It is now established that intravenous immunoglobulin (IVIg) provides benefit to patients with MMN. IVIg can lead to improvement in most patients with MMN, with the response varying from minimal to very large. The treatment usually does not completely reverse all of the symptoms and those patients who do respond will require repeated treatments to keep their improvements. The exact timing and dosing needs to be individualized and there is no single formula for success. Dosing may need to be adjusted if the response begins to wear off, or if symptoms worsen despite maintenance therapy.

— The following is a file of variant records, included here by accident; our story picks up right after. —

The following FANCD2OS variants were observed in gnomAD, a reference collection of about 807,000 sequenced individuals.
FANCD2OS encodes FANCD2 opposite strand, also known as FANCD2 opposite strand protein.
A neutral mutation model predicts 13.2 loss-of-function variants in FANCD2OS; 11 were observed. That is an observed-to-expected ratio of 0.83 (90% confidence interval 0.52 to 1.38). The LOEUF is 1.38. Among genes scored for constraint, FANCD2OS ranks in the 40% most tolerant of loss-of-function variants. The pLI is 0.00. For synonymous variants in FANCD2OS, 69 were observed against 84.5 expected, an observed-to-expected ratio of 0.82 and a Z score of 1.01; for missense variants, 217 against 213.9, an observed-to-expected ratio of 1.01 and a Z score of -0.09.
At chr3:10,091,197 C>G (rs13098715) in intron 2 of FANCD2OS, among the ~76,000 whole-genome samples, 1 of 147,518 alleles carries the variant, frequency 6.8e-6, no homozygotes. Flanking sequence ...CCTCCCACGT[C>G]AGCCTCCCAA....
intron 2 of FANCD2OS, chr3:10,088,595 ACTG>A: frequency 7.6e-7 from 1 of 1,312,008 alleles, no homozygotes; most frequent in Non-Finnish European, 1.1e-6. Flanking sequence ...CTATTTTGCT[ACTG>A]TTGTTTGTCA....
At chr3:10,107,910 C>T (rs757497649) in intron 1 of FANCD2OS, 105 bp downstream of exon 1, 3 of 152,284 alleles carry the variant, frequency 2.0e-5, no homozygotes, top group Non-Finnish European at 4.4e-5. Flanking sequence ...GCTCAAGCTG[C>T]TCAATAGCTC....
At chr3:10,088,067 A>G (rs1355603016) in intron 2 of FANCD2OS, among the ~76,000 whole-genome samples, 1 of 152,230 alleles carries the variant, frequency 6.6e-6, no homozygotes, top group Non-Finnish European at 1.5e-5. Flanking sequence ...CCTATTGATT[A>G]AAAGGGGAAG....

IVIg is not a cure for MMN and currently no other therapy has proven effective. It is fairly clear that corticosteroids are ineffective and can actually make the disease worse. Other immuno­suppressants have been used, but have greater side effects and risks. For example, there are a number of reports suggesting that cyclophosphamide controls the disease in some patients, while results for Rituximab are not encouraging. It is clear that newer therapies are needed, and many investigators around the world are working towards a better understanding of MMN and the development of more definitive treatments.